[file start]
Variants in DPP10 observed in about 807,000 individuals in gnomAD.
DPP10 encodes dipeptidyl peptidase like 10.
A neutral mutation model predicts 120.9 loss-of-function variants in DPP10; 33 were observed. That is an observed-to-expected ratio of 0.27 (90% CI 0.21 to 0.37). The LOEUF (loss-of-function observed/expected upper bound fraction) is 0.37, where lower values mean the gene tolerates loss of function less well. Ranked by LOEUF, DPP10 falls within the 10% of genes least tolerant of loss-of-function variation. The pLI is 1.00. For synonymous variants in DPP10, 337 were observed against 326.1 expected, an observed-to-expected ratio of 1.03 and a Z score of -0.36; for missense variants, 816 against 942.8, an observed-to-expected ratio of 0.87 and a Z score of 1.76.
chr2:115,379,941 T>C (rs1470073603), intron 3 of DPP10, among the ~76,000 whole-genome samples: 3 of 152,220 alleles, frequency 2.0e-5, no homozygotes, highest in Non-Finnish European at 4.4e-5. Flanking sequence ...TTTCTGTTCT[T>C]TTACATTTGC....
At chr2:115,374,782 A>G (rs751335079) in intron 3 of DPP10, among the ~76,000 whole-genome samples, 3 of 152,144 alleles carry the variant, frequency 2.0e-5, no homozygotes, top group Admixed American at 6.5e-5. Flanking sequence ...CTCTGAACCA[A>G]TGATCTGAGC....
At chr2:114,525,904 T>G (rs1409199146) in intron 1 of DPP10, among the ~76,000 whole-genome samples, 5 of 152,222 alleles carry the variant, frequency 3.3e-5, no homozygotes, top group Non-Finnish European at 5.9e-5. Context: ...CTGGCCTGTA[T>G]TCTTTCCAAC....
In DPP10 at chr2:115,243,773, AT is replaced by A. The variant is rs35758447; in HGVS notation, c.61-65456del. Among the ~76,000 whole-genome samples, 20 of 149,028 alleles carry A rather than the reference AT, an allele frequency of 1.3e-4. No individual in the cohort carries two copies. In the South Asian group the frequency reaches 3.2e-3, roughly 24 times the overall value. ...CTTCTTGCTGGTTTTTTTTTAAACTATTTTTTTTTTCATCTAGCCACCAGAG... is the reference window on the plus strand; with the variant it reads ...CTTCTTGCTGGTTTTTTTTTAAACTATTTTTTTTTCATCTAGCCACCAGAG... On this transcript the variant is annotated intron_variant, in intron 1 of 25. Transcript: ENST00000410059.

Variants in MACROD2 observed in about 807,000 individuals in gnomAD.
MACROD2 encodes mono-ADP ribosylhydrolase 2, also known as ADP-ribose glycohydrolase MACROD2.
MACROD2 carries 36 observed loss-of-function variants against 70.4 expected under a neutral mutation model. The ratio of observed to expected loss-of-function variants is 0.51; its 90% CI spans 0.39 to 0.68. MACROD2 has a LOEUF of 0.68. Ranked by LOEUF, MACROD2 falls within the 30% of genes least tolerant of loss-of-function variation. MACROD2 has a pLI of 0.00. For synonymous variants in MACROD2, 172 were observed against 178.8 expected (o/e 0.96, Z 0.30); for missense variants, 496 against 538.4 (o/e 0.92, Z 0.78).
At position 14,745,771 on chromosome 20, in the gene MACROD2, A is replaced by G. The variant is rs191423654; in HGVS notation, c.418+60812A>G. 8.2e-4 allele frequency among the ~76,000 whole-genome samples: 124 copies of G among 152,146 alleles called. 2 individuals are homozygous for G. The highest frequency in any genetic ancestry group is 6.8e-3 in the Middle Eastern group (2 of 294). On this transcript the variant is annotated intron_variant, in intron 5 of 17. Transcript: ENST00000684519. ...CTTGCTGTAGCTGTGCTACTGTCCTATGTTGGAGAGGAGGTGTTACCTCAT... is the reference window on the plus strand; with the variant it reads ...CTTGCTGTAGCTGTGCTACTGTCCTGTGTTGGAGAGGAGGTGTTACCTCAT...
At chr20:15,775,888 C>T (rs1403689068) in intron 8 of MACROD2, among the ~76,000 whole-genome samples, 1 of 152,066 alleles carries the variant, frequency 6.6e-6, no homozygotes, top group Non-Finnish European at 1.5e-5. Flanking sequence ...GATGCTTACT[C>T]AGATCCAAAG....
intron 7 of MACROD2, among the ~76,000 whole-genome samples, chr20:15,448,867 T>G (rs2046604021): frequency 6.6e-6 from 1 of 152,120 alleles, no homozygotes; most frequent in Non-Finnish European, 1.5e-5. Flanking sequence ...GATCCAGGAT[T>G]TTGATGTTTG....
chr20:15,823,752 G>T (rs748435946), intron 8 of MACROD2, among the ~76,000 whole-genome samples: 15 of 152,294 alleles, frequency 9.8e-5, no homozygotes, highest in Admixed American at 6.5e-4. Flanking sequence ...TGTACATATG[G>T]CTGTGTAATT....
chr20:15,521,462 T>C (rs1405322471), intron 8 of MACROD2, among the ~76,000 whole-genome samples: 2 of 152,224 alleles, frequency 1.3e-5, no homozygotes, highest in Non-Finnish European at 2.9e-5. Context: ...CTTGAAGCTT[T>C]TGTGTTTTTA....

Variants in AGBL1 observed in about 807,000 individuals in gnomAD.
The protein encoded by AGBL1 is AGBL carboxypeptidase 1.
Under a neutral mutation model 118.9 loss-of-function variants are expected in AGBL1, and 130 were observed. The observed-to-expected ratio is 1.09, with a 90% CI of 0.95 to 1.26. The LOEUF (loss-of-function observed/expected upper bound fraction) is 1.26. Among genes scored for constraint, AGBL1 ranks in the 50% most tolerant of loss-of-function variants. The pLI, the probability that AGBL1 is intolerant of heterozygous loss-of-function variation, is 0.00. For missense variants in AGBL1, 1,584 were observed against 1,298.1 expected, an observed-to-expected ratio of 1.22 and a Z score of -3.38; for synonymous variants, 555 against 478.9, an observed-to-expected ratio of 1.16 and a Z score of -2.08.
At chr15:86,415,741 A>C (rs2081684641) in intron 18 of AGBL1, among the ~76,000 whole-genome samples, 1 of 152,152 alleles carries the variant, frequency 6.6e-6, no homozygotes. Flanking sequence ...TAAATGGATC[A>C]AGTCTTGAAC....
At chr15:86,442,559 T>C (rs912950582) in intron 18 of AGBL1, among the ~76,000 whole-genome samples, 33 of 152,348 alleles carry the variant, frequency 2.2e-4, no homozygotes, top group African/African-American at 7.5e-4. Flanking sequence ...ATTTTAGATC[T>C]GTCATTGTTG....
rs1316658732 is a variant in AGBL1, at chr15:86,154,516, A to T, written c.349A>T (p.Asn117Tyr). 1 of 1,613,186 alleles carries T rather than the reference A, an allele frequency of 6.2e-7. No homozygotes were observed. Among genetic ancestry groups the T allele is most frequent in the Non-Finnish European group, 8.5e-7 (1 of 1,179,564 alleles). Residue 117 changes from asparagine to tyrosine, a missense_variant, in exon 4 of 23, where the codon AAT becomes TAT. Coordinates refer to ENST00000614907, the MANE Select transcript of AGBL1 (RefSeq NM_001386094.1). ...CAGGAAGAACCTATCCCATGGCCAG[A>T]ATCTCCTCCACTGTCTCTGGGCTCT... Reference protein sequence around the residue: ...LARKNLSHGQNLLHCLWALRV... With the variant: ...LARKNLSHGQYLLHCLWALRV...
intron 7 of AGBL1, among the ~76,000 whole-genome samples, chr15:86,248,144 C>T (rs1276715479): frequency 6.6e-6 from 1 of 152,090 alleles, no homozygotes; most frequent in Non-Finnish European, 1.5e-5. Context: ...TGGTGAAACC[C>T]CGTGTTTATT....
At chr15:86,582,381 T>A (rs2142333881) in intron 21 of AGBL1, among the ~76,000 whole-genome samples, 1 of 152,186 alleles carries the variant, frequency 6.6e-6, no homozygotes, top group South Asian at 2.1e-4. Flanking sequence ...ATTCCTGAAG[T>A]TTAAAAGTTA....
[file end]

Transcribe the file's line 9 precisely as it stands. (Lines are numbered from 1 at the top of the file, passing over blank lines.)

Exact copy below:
MACROD2 encodes mono-ADP ribosylhydrolase 2, also known as ADP-ribose glycohydrolase MACROD2.